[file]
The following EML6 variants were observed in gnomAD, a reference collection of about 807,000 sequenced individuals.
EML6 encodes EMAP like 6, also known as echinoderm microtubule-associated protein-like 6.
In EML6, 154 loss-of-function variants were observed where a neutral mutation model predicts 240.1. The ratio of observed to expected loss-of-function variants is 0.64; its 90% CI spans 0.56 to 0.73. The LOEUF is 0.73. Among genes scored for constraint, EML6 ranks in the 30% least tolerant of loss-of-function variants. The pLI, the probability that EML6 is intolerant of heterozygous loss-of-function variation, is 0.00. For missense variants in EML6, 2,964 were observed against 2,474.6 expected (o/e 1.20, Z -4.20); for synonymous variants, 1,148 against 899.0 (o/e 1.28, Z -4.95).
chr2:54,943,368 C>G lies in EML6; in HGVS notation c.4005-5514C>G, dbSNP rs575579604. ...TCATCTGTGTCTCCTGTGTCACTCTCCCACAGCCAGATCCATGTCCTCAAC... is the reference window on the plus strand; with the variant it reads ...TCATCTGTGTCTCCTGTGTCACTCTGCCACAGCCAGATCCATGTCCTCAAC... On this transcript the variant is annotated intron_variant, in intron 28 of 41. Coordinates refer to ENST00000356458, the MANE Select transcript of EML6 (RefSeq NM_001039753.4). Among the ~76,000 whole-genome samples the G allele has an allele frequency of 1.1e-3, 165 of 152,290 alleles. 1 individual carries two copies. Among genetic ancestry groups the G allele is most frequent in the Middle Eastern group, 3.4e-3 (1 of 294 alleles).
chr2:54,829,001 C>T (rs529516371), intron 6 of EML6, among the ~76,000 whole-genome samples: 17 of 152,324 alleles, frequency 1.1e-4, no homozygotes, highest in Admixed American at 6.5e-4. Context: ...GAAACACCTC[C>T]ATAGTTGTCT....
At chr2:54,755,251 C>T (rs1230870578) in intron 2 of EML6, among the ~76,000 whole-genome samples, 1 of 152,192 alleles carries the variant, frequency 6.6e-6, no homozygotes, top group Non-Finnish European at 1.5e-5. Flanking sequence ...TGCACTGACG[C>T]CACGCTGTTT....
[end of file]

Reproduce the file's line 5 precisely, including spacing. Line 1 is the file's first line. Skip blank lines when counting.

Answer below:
chr2:54,829,001 C>T (rs529516371), intron 6 of EML6, among the ~76,000 whole-genome samples: 17 of 152,324 alleles, frequency 1.1e-4, no homozygotes, highest in Admixed American at 6.5e-4. Context: ...GAAACACCTC[C>T]ATAGTTGTCT....